Luca Curci – What’s your background?
Ken Berman – I have a Bachelor of Arts in Architecture from Lehigh University in Bethlehem, Pennsylvania and a Master’s of Architecture from New Jersey Institute of Technology in Newark, New Jersey. I am also a licensed Architect in the State of California.
LC – What is the experience that has influenced your work the most?
KB – Attending a booksigning in late 1989 for the book Kiki’s Paris by Billy Kluver and Julie Martin. The booksigning took place in the home and studio of Robert Rauschenberg in New York City. At the time I did not know who Robert Rauschenberg was and I asked him how he knew he was an artist. His reply was essentially that if you wake up every morning with the passion to create and express yourself then you were an artist.
LC – Which subject are you working on?
KB – Living here in Northern California, in such close proximity to Silicon Valley and San Francisco, I am bombarded with new ideas and ways of thinking about things. From board rooms to factory floors, technology, music, architecture, etc. are all in a continuous state of upheaval, disruption and transition. The good thing about living so close to these “Factories of Ideas” is that I am constantly inspired to work on my own factory of ideas. The fertile ground that is in the DNA of this area has given me much to think about for the last twenty-plus years and has helped me develop a style that constantly reflects what it is like to live in today’s world surrounded by the powerful forces of change.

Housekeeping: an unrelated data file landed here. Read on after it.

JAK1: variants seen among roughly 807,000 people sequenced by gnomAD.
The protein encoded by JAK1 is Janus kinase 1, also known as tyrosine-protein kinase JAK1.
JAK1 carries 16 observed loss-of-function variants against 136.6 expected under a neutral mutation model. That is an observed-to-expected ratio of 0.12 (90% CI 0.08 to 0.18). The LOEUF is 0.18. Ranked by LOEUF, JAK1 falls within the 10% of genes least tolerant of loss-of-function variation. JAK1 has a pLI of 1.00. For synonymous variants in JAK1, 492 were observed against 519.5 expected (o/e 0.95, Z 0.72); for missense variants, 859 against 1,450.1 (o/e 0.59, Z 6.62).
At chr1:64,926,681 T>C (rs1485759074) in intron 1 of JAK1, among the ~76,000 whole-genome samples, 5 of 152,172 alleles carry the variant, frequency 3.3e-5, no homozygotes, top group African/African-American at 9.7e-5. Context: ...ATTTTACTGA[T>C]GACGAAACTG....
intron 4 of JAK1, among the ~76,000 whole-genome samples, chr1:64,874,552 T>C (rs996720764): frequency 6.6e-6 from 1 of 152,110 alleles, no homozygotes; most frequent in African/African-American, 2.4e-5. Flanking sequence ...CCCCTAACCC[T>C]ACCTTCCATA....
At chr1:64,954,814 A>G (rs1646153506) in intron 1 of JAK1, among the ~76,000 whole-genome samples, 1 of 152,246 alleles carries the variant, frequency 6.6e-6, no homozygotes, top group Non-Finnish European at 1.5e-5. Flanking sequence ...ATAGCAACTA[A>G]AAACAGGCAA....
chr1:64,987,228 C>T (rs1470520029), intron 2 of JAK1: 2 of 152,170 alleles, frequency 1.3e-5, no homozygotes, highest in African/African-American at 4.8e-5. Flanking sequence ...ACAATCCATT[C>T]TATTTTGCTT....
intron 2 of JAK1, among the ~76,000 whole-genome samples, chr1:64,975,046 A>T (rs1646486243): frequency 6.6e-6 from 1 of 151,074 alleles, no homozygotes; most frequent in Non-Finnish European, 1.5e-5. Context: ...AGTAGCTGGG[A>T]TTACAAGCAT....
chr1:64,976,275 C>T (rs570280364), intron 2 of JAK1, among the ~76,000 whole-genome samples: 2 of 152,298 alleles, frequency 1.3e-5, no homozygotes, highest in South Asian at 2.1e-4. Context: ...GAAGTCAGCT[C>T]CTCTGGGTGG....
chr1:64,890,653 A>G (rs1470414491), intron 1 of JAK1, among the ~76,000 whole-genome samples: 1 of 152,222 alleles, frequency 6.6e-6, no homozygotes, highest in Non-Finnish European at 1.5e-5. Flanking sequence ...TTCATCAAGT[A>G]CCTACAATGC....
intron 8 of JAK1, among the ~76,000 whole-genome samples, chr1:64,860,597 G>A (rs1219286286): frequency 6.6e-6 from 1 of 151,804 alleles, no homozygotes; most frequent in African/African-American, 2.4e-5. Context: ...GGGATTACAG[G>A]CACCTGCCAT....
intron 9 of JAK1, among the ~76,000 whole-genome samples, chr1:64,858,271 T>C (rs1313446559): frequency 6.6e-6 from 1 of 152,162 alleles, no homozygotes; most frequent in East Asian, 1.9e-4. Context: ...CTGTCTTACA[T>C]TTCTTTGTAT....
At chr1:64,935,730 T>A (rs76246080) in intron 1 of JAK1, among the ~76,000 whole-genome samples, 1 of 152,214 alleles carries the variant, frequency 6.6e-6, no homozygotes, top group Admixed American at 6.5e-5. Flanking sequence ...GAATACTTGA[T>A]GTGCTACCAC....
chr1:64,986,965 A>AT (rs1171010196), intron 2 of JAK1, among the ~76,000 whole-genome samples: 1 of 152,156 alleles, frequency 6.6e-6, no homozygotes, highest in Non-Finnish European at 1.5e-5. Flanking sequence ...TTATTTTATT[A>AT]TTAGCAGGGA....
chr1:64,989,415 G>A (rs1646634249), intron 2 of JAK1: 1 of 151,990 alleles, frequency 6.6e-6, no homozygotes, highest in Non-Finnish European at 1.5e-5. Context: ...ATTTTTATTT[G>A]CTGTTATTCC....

LC – Where do you find your inspiration?
KB – Coming from a musical family, I’m naturally drawn to music and in all the ways it surrounds our daily lives. Like an orchestra conductor, I use my materials and techniques like musical instruments to make my compositions. With every stroke and every layer, my paintings transform into complex visual symphonies.
LC – Did your style change over the years? In which way?
KB – As the world has evolved and changed it too has pushed me to grow and change many aspects of my work as well. Technology has allowed me the opportunity to express myself in ways that I was not able to do before. For example, I used to primarily use premade stencils in my art. Today I use web based technology and my own laser cutter to make my own unique stencils that express my ideas about what life is like today.
LC – Which art themes do you pursue? What is your preferred subject if there is any?
KB – The theme of my art is how to live a thoughtful, meaningful and balanced life while living in a very complicated and technologically sophisticated world. As a result, my work is about the struggle for balance in our daily lives in a world full of constant change.
LC – What do you think about the concept of this festival? In which way did it inspire you?